Graph Mathematical Foundation

In mathematics, “graph theory” is the study of graphs, which are mathematical structures used to model pairwise relations between objects (text from Wikipedia on graph theory, accessed 2022-10-11). In other words, the basic building block can be pictured like this:
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Graph thinking is not new. In fact, “The Seven Bridges of Königsberg” is a historically notable problem in mathematics. Its negative resolution by Leonhard Euler in 1736 laid the foundations of graph theory and prefigured the idea of topology (text from Wikipedia, accessed 2022-12-29). The theory of graphs is a rich academic discipline and is still developing.

There are many types of implementations of graphs, but almost all are based on pairwise relations between objects. Relations are semantic in the sense that they convey verbal / logical information from some business domain(s), including “is a” and “has”, but also more implicative relationships such as “identified by” or “purchased at”.

Graph Terminology

All of these kinds of relationships share the semantic pattern “subject – predicate – object”, which is the term used for the base construct in the RDF from the W3C.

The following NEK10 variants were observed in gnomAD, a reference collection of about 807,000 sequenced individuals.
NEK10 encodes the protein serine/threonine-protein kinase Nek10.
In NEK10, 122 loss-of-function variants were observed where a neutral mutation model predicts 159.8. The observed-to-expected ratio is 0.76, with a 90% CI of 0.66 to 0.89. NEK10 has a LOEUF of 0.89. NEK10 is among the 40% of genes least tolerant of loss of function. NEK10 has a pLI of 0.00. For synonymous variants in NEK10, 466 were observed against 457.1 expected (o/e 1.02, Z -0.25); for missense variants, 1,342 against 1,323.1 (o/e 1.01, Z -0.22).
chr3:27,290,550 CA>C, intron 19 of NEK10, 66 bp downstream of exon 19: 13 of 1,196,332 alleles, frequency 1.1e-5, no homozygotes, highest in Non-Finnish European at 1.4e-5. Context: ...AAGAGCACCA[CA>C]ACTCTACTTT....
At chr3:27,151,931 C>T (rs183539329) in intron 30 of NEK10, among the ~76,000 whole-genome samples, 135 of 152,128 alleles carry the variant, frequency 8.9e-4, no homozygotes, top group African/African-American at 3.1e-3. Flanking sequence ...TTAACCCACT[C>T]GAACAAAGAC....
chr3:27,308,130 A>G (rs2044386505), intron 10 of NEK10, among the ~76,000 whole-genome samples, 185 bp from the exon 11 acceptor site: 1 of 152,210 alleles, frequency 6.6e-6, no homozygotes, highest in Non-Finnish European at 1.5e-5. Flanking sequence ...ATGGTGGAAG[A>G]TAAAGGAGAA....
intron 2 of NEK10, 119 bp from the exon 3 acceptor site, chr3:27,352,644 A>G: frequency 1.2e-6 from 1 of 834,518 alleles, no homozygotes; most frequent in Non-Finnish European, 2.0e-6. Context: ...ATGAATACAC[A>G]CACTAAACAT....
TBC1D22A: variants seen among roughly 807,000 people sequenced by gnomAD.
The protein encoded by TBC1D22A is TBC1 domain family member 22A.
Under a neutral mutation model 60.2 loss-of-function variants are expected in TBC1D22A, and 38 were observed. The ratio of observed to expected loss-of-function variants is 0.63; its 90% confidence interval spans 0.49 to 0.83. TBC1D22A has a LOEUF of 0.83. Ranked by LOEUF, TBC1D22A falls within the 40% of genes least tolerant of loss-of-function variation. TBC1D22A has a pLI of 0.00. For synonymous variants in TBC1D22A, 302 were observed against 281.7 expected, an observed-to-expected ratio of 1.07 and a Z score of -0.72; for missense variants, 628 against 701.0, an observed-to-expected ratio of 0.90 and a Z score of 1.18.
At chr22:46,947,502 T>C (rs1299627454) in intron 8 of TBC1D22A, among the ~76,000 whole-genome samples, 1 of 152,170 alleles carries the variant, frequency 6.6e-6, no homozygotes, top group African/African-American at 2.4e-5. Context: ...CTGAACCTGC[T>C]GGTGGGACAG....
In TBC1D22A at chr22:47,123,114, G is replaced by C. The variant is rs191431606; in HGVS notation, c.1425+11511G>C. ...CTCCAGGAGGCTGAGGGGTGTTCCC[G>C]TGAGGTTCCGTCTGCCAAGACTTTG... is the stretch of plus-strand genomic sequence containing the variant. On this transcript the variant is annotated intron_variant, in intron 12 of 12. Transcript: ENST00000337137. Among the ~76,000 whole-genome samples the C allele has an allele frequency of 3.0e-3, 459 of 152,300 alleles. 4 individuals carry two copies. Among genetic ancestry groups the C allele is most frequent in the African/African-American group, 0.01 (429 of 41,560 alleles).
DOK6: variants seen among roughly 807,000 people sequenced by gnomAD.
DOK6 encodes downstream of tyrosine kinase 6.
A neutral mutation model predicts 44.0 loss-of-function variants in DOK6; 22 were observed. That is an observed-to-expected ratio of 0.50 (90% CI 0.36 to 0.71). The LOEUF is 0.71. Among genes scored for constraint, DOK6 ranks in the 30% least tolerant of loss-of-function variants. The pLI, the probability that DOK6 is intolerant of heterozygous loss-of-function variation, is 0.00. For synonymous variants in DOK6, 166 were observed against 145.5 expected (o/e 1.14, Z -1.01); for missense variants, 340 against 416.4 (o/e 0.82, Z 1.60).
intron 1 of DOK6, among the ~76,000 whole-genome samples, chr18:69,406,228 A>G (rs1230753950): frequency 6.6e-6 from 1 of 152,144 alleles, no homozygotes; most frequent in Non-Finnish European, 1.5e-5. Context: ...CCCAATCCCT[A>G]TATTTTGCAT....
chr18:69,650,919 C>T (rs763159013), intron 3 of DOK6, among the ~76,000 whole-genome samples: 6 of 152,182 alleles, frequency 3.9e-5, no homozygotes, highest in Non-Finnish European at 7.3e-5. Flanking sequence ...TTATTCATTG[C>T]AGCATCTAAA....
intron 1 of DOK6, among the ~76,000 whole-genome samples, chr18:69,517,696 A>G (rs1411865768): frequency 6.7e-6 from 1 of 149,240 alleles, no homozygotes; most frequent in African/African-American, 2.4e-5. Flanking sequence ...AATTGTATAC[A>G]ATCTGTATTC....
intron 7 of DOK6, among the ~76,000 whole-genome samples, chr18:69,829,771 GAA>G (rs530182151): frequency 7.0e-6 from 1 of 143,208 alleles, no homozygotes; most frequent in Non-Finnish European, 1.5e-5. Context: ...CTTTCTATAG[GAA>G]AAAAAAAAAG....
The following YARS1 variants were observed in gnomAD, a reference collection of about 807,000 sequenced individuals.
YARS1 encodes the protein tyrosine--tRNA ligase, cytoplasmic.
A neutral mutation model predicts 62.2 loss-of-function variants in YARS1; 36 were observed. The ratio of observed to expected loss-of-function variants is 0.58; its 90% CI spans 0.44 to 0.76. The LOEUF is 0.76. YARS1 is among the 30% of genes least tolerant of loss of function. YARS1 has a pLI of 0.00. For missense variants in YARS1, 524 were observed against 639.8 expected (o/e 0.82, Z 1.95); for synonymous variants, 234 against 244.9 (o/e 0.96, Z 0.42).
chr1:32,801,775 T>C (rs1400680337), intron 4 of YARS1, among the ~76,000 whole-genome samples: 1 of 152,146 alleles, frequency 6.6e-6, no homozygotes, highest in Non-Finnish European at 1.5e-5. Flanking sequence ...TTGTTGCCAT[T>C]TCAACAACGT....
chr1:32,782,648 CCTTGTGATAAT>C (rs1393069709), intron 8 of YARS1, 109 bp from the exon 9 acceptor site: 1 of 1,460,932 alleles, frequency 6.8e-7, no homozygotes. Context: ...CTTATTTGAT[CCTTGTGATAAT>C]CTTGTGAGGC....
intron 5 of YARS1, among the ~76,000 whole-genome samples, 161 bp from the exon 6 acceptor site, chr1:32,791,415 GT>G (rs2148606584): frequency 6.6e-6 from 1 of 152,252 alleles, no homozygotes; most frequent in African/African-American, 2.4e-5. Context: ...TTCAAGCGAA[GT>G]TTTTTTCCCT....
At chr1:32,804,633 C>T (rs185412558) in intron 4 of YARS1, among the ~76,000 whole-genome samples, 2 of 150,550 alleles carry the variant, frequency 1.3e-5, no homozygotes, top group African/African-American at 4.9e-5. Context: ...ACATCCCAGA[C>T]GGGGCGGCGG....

Concepts are called not only that, but also object (types), entity (types) et al.

In graph theory the terms used are: Nodes / vertices / points, edges / links / lines. In graph theory the relations may be directed having starting points and end points. Hyper-relations may have multiple start / ending point types. Note that in GQL a subset of such terms is used, cf. the terms and definitions below (subclause 3.3).

Most graph paradigms share a basic, canonical, form consisting of nodes / vertices, representing concepts, as well as edges / relationships connecting the nodes / vertices to express the semantics of the concept model, including the dependencies between graph elements. More detailed information about the canonical form of graphs (also known as Graph Normal Form) is found below.

The various types of graph paradigms include more constructs, such as properties (attributes), directionality, cardinality, uniqueness, labels on graph elements and more.

Graph Data Model Differences

The kinds of data models available to graph users are somewhat different to the strict data models found in other kinds of database paradigms. Here are some examples:

  • Refined graph types are not always available, meaning that traditional schema specifications may not be necessary; unrefined graphs definitely have important use cases, and they are supported in GQL
  • The level of interaction with the query system is at the level of the individual graph elements (including the properties)
  • Properties may reside on both nodes / vertices and edges / relationships
  • Labels may be assigned, at will, to both nodes / vertices and edges / relationships (incl. multiple labels).
You may follow the sequence or explore the site as you wish:

The guy behind this site is Thomas Frisendal:

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